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Quality of (second) life

Plurk, a micro-blogging service widely used by Second Life residents, is more known for the self-praising and occasional drama spurs than for its rational adult conversations. Yet, this morning, Kriss Lehmann, owner of Botanical garden store, started an interesting discussion, advising fellow creators to slow down their participation in SL events for the sake of making money and to start concentrating in what he thinks is more important to SL: quality control. From his point of view as a creator, trying to be in too many events logically lowers the time you have to dedicate to the creation of a product that will stand by the quality of your brand and its reputation. Less time also means not pushing yourself to do the best to surpass your own know-how as an artist, learning new tricks in the process to better the trade. He goes to the point of saying some well-known stores are degrading their production by tricking themselves (not the customers) because of this “frenziness” in meeting deadlines for SL events.

Now, let me tell you this, SL content creators: We customers do notice when quality goes down, and we take “corrective measures”: we stop buying from those that don’t meet our expectations. I don’t know if creators participating in a hundred SL events at a time check their transactions to see who’s buying from them regularly (that would be planning on building loyal customers), but if they do, it wouldn’t be a surprise to find a random list of names that are usually unique. Do you know what I mean?

You can read the entire discussion by following THIS URL (make sure to click on “more responses” to read it in full). But before you head out, let me share a few ideas for content creators:

  • Some customers take deadlines more “seriously” than others, and don’t buy products from coming soon content creators when they abuse that mantra. When you can’t meet a deadline we tend to think you aren’t committed enough to the event you’re supposed to support, even being irresponsible to your potential customers for not showing up in due time.
  • When quality goes down, I’m sure you, as a creator, know it. Selling low-quality products by your own standards is trying to fool your customers, and let me tell you this: we do notice, and then you won’t have our money again.
  • Events are promotion opportunities for store owners, but for event organizers it’s their way of making money. The more events they plan, the more money they make. Do you realize that? What do you think events and event organizers would be or do without you? If you fall so easily to their lure and things keep going at a pace you can’t rightfully keep, you’re not giving yourself the respect you deserve. Or do you think there would be so many events if it weren’t for your creations? Take control of the situation; don’t let them command you so easily.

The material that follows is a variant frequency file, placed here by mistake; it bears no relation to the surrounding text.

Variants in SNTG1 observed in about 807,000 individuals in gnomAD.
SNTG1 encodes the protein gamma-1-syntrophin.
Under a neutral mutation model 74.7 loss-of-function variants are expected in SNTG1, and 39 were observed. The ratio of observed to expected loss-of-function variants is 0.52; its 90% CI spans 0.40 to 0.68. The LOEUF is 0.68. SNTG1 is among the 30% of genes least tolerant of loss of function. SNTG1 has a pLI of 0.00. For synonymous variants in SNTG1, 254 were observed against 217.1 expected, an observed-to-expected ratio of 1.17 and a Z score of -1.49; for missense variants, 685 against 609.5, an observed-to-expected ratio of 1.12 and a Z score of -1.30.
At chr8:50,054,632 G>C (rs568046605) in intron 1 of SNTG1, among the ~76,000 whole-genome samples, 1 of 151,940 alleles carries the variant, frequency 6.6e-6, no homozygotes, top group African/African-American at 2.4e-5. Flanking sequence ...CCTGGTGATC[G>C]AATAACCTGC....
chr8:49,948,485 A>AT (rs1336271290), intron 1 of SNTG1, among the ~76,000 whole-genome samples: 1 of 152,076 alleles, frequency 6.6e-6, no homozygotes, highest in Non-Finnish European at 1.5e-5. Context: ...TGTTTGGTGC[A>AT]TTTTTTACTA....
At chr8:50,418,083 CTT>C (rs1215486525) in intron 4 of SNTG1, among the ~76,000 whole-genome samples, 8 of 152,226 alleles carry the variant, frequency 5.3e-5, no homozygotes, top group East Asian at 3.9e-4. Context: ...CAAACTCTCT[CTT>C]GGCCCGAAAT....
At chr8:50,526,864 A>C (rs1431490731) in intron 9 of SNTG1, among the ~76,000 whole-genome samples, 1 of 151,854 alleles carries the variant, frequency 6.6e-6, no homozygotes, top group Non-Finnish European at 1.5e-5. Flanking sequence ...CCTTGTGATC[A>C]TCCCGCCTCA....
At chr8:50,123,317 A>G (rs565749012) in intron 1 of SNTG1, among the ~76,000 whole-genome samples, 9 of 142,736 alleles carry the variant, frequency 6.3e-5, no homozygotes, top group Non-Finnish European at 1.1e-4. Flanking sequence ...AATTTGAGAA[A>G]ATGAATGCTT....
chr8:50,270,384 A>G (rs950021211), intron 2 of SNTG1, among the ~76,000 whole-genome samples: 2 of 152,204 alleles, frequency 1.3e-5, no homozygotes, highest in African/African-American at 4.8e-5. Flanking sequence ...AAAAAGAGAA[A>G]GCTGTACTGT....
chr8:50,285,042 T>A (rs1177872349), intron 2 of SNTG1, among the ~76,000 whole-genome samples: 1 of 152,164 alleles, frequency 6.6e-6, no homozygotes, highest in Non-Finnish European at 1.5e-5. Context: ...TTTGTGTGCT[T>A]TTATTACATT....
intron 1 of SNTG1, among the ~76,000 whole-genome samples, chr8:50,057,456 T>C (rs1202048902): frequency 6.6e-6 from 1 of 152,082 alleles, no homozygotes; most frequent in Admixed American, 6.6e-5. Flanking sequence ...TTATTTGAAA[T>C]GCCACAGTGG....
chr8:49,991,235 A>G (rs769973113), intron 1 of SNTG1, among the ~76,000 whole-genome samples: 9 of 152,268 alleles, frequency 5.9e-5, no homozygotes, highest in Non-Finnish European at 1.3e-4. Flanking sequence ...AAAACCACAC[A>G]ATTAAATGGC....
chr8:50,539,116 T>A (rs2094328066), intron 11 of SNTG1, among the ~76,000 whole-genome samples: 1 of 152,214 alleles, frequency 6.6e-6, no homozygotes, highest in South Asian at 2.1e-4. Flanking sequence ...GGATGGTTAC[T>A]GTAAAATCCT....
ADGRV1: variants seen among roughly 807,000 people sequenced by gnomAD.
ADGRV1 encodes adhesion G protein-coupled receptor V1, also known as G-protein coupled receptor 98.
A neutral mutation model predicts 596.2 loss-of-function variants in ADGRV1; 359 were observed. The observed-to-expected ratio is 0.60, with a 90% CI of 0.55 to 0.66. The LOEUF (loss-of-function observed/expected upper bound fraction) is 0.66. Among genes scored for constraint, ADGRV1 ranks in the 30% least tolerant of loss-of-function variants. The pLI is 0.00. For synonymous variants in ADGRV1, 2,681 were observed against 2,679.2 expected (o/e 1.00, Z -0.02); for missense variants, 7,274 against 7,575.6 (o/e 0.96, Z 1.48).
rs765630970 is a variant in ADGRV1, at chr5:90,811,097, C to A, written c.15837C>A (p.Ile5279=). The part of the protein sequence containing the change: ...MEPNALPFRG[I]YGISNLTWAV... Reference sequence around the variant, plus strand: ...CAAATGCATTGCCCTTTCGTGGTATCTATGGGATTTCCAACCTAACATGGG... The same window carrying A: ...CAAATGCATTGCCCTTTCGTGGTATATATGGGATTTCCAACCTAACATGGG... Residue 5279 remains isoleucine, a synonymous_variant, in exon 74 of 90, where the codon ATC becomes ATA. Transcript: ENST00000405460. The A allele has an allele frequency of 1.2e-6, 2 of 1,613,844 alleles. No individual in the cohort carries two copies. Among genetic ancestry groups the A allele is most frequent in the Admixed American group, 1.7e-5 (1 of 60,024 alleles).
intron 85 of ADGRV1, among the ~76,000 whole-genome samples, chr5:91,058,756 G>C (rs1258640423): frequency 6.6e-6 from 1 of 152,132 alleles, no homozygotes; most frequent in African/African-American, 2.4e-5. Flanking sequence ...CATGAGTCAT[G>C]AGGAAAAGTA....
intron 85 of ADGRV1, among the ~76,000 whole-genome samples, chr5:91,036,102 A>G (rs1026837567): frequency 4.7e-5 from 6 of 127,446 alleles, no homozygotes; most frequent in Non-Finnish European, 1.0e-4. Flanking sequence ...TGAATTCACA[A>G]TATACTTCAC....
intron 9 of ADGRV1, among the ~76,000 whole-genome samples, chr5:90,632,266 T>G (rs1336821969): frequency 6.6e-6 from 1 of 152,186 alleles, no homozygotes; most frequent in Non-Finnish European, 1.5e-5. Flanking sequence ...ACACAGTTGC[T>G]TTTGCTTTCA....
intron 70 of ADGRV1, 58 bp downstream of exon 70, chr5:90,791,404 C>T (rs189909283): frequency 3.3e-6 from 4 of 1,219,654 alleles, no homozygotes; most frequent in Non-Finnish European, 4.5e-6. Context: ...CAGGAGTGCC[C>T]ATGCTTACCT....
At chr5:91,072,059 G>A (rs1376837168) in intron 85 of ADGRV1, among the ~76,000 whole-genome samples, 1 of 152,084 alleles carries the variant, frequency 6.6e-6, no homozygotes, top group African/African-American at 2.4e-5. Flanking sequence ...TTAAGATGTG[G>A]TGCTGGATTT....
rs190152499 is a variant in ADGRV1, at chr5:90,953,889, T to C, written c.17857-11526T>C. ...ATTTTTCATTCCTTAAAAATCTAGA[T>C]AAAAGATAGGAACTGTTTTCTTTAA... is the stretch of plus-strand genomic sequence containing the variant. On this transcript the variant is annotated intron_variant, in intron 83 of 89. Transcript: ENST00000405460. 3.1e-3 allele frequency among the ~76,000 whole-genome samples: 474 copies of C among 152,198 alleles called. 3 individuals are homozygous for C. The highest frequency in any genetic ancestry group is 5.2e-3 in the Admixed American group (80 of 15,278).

• The more releases there are, the less we customers enjoy them. We can’t keep up with you, we can’t keep spending so much money because that human invention has never come out of thin air nor from Linden money trees.
  • Lately, it’s becoming too obvious that content creators that are able to participate in many simultaneous events do so because they’re just recycling ideas, from their own or other sources they take inspiration from. And again, we customers spot that too. It’s the same products time and again; maybe they change a texture or add a negligible detail, but it’s still the same chair, the same bench, the same “collection” of cushions and pillows, the same bottles or pots with flowers of a variant color… We notice and then we stop buying too.
  • You may not know it but we are fully aware when five content creators suddenly come up with the same mesh item, each claiming originality (we know you got it from an online repository), with textures we’ve seen before (yeah, we know you got them online too).
  • Something extra, but related: I tend to “reward” those store owners that also have an inworld presence, not merely a marketplace page. I think those with inworld stores also care for SL itself. So they’re not only trying to make a living, but maintaining alive the world they cash from. True fans will rush to buy new products regardless of where you launch that new article. If you’re not able to make enough from main store releases, then you’re failing at marketing.
  • Similarly, some content creators claim people don’t visit inworld stores anymore or don’t like main store releases; that they prefer one-place events. That’s because you accustomed them to that kind of shopping experience, it’s not the other way around. Customers get used to what you give them. People are lazy by nature, so they will always go for the easiest/simplest alternative. That’s why they say they prefer event releases (because they don’t have to TP to each store), but then you’ll hear them complaining about the lag in that event, about not being able to get in after a thousand attempts, cursing failed transactions, grumbling about crashing constantly, and so on. Does that happen so often with store releases?
  • If you start failing in SL as a content creator, I will seriously urge you to check your first life: that one may be starting to miss the best of you too. A good second life requires maintaining a balance between both worlds. Breaking down in SL may mean your performance in the first one is also starting to miss the rhythm.
  • Lastly, I want to make it clear: Buying a product and giving you some of my lindens, is recognizing your work, skills, abilities, talent, originality and efforts as an artist, and hence crediting the quality of your crafting. For me, shopping in SL is not merely buying an item for the sake of owning it because it looks good; buying is rewarding the creator for his or her good work, and I don’t give prizes to people who only want to make easy money.